Q & A with Amoebazoid
Zuckung from Amoebazoid is the newest c74 music release.
Your music sounds both intricate and spontaneous. Would you prefer people paid more attention to your intricacy or your spontaneity? Or neither?
i’m not sure it matters how people listen to it. it’s complicated in parts, but mostly i think it’s quite accessible. i would also have to admit that the spontaneity is tempered by lot of paranoid editing. most of the stuff here was improvised but not necessarily in the way it ended up in the final recording, although my favourite parts are the unedited sections where the music just flowed that day for whatever reason.
My understanding is that you recently relocated to Berlin. What kind of a music scene is there for you?
Berlin has been very influential on me musically and opened me up to a lot of new stuff. in a sense though, that isn’t really reflected in this album as most of it was recorded in Ireland. the stuff that i’m performing is usually out of step with the stuff i’m trying to polish up in the studio. i don’t think i’m alone in this. i’ve done a lot of live performances in Berlin now and usually tends to occupy the improvised noise end of the spectrum, for better or worse.
Where do you imagine people will want to listen to this album?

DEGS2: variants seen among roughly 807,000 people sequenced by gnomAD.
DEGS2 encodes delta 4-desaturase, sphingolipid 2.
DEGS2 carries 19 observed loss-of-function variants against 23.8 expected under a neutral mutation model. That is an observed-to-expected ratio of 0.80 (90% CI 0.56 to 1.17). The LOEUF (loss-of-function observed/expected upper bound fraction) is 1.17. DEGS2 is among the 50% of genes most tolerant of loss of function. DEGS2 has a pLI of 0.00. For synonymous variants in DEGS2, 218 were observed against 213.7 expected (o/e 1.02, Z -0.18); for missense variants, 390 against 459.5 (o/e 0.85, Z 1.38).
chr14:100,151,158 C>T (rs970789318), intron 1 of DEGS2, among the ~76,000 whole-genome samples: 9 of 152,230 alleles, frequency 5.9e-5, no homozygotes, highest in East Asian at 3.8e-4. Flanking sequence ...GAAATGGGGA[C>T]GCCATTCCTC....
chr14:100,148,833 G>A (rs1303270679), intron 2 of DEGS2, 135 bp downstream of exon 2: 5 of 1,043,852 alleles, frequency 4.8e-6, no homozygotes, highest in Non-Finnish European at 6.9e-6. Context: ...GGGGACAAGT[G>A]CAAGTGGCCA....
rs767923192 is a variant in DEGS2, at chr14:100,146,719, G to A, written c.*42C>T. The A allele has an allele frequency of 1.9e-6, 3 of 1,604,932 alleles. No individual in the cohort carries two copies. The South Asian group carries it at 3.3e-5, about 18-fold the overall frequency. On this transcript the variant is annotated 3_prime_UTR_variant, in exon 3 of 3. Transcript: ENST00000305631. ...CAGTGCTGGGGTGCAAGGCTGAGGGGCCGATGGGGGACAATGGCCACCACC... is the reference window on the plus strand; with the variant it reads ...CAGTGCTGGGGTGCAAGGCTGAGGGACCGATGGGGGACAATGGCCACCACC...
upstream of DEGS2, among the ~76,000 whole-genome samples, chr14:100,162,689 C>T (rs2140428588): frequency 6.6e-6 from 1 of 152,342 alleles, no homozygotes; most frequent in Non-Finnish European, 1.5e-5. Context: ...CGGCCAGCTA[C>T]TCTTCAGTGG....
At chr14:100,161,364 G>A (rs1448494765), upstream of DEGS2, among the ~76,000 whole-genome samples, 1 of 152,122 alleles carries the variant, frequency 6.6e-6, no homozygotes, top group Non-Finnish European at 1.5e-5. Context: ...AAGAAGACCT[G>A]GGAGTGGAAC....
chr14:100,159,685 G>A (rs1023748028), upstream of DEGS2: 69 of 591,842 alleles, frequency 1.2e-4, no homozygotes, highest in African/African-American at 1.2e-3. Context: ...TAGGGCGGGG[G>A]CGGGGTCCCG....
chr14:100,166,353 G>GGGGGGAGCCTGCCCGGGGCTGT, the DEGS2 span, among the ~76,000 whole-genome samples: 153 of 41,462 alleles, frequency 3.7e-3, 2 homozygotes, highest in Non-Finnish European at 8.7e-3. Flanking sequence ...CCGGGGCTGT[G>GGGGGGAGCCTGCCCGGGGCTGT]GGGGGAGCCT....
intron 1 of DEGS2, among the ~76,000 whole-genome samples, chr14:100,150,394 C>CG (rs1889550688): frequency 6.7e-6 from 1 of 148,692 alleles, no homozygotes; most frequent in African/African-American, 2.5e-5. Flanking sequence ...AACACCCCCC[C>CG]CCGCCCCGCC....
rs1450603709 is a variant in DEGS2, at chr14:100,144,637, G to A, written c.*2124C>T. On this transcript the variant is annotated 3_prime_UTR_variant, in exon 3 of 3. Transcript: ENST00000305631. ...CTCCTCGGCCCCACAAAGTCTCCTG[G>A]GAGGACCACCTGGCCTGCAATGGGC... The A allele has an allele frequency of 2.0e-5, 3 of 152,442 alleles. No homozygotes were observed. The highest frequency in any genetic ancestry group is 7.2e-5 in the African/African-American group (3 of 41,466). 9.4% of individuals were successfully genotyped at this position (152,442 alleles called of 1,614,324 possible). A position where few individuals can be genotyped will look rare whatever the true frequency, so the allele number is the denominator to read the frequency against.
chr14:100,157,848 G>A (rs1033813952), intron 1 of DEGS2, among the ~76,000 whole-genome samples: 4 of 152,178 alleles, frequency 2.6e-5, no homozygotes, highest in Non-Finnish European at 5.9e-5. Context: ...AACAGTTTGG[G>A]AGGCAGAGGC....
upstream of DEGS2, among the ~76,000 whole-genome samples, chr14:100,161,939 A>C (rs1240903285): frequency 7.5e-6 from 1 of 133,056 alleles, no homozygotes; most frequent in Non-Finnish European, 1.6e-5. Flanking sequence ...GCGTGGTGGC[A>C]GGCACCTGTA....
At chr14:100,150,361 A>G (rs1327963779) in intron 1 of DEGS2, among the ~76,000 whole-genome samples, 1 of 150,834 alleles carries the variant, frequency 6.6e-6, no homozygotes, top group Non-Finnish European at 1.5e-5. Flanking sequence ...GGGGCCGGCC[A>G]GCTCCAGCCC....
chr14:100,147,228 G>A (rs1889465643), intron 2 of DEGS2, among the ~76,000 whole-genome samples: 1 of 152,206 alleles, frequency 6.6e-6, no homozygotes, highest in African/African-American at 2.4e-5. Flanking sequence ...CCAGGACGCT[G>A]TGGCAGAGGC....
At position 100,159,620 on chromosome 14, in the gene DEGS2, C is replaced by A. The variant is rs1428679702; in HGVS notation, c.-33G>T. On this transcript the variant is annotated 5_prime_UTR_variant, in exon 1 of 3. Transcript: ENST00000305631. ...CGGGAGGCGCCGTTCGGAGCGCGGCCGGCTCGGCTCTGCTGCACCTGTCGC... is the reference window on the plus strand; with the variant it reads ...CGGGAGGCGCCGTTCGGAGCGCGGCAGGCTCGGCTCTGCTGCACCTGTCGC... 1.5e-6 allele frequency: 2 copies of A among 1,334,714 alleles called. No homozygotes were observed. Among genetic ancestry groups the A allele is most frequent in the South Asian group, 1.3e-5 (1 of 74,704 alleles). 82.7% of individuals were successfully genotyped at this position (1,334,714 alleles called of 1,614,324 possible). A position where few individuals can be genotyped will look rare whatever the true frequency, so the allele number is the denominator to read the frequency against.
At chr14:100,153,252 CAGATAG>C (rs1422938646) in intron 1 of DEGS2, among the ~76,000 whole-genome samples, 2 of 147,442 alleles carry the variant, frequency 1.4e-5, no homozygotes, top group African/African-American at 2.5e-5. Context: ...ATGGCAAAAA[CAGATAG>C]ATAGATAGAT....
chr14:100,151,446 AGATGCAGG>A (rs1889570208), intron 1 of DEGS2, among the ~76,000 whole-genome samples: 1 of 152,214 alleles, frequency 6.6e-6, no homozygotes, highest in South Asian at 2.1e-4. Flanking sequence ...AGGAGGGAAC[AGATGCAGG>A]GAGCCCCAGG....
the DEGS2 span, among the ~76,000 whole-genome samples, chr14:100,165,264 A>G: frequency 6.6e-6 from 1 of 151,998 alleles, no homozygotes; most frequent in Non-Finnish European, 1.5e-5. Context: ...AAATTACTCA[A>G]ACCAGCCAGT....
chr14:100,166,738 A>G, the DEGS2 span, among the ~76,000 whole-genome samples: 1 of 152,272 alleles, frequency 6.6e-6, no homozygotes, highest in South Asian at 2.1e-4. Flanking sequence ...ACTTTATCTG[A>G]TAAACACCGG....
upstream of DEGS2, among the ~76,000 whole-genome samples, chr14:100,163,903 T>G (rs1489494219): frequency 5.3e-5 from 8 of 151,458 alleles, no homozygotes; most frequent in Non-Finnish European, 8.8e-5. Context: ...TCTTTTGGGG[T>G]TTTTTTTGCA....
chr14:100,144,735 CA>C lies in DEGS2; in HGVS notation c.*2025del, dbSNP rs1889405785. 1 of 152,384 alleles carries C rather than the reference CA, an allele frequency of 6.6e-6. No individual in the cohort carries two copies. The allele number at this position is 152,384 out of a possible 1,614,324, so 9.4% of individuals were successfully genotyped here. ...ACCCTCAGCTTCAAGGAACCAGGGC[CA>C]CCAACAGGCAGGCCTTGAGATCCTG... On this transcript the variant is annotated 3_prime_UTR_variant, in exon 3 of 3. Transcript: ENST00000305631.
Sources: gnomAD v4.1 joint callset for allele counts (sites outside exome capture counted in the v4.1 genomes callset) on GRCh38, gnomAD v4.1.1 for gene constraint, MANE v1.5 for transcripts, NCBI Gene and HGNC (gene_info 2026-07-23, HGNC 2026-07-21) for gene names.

i don’t know where people would want to listen to it. i would like them to listen to it on headphones because that is where it came together. also i’m a sucker for the stereo image. that’s not very subtle maybe, but neither am i.
One of my favorites on the album is “Zuckung” the title track. To me it sounds like a particular song from a Return to Forever album from 1974 put through a shredder, but I suspect that has absolutely nothing to do with what you were after. Have you even listened to Return to Forever? Could you talk a little about your relationship to “virtuosity” and “musicianship”?
heh, i don’t really know ‘Return to Forever’ per se but as a relatively recent refugee from the jazz scene i understand the reference. i guess i do have a grudging respect for virtuosity which no doubt comes from my days as a third division jazz guitar guy. i try to not let that get in the way of making something i like to hear, as opposed to something i should appreciate. being at heart a drummer, but never being able to do it, i think i’ve tried to emulate some of that Tony Williams style from the second Miles Davis quintet with Max/MSP. ultimately it hasn’t ended up sounding anything like that but i’m quite happy with the happy accidents it has produced. i also used Max/MSP as a kind of guitar steroid, which converts whatever turgid pentatonic cliches i input to something more interesting. at least i hope so.